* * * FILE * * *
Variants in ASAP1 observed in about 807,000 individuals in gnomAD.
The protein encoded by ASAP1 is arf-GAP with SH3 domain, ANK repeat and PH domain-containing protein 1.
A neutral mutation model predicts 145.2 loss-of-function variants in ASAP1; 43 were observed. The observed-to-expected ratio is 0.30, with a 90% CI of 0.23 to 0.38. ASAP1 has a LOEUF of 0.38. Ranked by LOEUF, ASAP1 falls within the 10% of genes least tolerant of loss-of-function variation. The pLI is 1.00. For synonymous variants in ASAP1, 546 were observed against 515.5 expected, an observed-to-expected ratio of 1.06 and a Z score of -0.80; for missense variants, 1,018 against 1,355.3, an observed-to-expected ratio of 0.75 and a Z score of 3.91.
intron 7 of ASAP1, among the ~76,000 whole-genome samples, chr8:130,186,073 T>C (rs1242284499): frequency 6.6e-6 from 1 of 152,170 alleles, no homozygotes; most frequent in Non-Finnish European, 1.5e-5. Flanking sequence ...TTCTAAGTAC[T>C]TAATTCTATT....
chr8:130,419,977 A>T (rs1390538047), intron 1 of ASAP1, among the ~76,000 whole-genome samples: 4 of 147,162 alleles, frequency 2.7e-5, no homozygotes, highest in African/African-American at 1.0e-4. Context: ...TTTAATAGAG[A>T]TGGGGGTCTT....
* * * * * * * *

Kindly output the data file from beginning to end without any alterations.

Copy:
Variants in ASAP1 observed in about 807,000 individuals in gnomAD.
The protein encoded by ASAP1 is arf-GAP with SH3 domain, ANK repeat and PH domain-containing protein 1.
A neutral mutation model predicts 145.2 loss-of-function variants in ASAP1; 43 were observed. The observed-to-expected ratio is 0.30, with a 90% CI of 0.23 to 0.38. ASAP1 has a LOEUF of 0.38. Ranked by LOEUF, ASAP1 falls within the 10% of genes least tolerant of loss-of-function variation. The pLI is 1.00. For synonymous variants in ASAP1, 546 were observed against 515.5 expected, an observed-to-expected ratio of 1.06 and a Z score of -0.80; for missense variants, 1,018 against 1,355.3, an observed-to-expected ratio of 0.75 and a Z score of 3.91.
intron 7 of ASAP1, among the ~76,000 whole-genome samples, chr8:130,186,073 T>C (rs1242284499): frequency 6.6e-6 from 1 of 152,170 alleles, no homozygotes; most frequent in Non-Finnish European, 1.5e-5. Flanking sequence ...TTCTAAGTAC[T>C]TAATTCTATT....
chr8:130,419,977 A>T (rs1390538047), intron 1 of ASAP1, among the ~76,000 whole-genome samples: 4 of 147,162 alleles, frequency 2.7e-5, no homozygotes, highest in African/African-American at 1.0e-4. Context: ...TTTAATAGAG[A>T]TGGGGGTCTT....